I do know interestingly enough that a few sites Kerasotes were planning were taken over by other chains: one in PA is listed on the developers website as being a Bow Tie Cinemas location, the other in Edison, NJ will be opened as an AMC (I’m guessing they wanted to keep their strong foothold along Route 1 with the 18-plex and Fork & Screen at Menlo Park).
As for the experience at Kerasotes, I found the Secacus Theatre to be very good: excellent popcorn, clean, solid (but digital) projection, free popcorn and soda refills (which is bad because the popcorn is so excellent). It’s a worth competitor to the nearby consistently excellent Edgewater Multiplex and they keep their prices low enough to compete with Columbia Park up the road. The annoying thing is they have a ticket taker and then another person that checks you ticket at the door: if they had reserved seating I could understand.
Does anyone know if Kerasotes has announced any new theatre projects? As for Chicagoland – they have one theatre in Chicago proper still operating – a brand new Showplace Icon.
I always thought Sandusky was over screened, perhaps not in the summer time with Cedar Point down the road. I had visited a few summers ago, both theaters were decent. I know the Carmike that’s about to close is all digital.
I do think if someone were to pick up the old Movies 10 it could work as a discount operation. I believe there is also a few drive ins near by, and a couple of big Regals in the vicinity.
Wow – Gold Class was acquired with little press (not nearly as much press as it had when it entered the market place with the now famous $30 ticket!). iPic is run by the dude that used to run Muvico before he was ousted from the company which itself probably should have accepted AMC’s buyout offer years ago.
While I like the idea of options and Gold Class sounds like the type of place I’d go to celebrate my birthday or go see a movie that I really wanted to see in baller style (it wouldn’t be an all the time kind of experience for me, but it’s a nice option for date nights).
It’s only been about 10 years that Clearview has been charging a first run ticket price for a poor quality experience. Meanwhile the concession stand has been upgraded a few times since CJM’s ownership.
I’m glad right as 35MM is dying that Clearview is investing in bringing the theater up to the standards that say, General Cinema had in the 1960’s. I’ve had more bad experiences with this theater than good ones from the film ending before the credits (a manager once told me “there’s nothing I can do, you saw the whole movie” – someone this disrespectful to filmmakers should not be presenting films for a living) to several projection issues ranging from framing to focus problems. The front two houses are generally decent, while the back houses are in general kind of awful (except 10 and 11 which I don’t believe have the aforementioned construction problem).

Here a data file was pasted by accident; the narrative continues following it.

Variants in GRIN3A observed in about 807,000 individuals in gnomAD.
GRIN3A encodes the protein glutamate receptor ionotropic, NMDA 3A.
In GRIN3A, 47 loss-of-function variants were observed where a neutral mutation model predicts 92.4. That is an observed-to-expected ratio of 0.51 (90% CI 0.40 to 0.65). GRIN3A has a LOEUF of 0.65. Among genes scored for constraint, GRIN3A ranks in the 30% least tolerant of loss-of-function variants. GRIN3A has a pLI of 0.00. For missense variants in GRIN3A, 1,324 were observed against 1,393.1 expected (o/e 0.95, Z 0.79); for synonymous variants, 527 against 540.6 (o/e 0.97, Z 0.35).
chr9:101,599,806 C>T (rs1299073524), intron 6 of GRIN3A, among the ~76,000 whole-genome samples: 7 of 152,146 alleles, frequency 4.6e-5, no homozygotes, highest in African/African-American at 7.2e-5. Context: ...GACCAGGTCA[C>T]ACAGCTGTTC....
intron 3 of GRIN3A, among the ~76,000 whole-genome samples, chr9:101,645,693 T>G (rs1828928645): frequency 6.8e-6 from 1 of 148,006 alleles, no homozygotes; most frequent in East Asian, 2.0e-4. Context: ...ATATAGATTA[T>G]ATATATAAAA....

As I’ve said before I could be more forgiving if this was a second run discount house (Teneck has pretty poor projection, they’ve always had – but they are a second run house and priced accordingly) – but for $10.75 a seat, which is about the going rate for a first run ticket in the area, you’d hope to have a good experience. I should also note that there are two theaters that had opened in the last 12 months in Northern New Jersey, they have no issue offering proper aspect ratios, sharp focus, good sound, and stadium seating and are able to do all this at a cheaper price point ($10 for adults).
The theater gets away with providing a crappy experience because they have in the past provided such terrible answers to projection complaints as “the movie was sent to us this way” – and sadly people don’t question it, or demand a refund and see the film elsewhere.
ETX is almost as pointless as digital IMAX, I saw Fredrick Wiseman’s Boxing Gym on the ETX in Toronto (granted not a highly visual action picture that requires thumping base) but it is just that: a large screen with a good sound system. For the most part AMC Garden State offers that without paying an upgrade fee. Of coarse the worst thing is that AMC now charges $12 and soon Clearview will think they can for their crappy discount house quality Bergen County theaters – Tenafly which is downright awful in terms of comfort and projection is now $11.50! (two new stadium seating theaters in Northern New Jersey do a better job for an adult price of $10)
I can’t wait for this weekend when I get to experience the high quality clarity that IMAX was made for with Paranormal Activity 2: An IMAX Experience. If there was ever a movie requiring a high definition image it’s Paranormal Activity 2.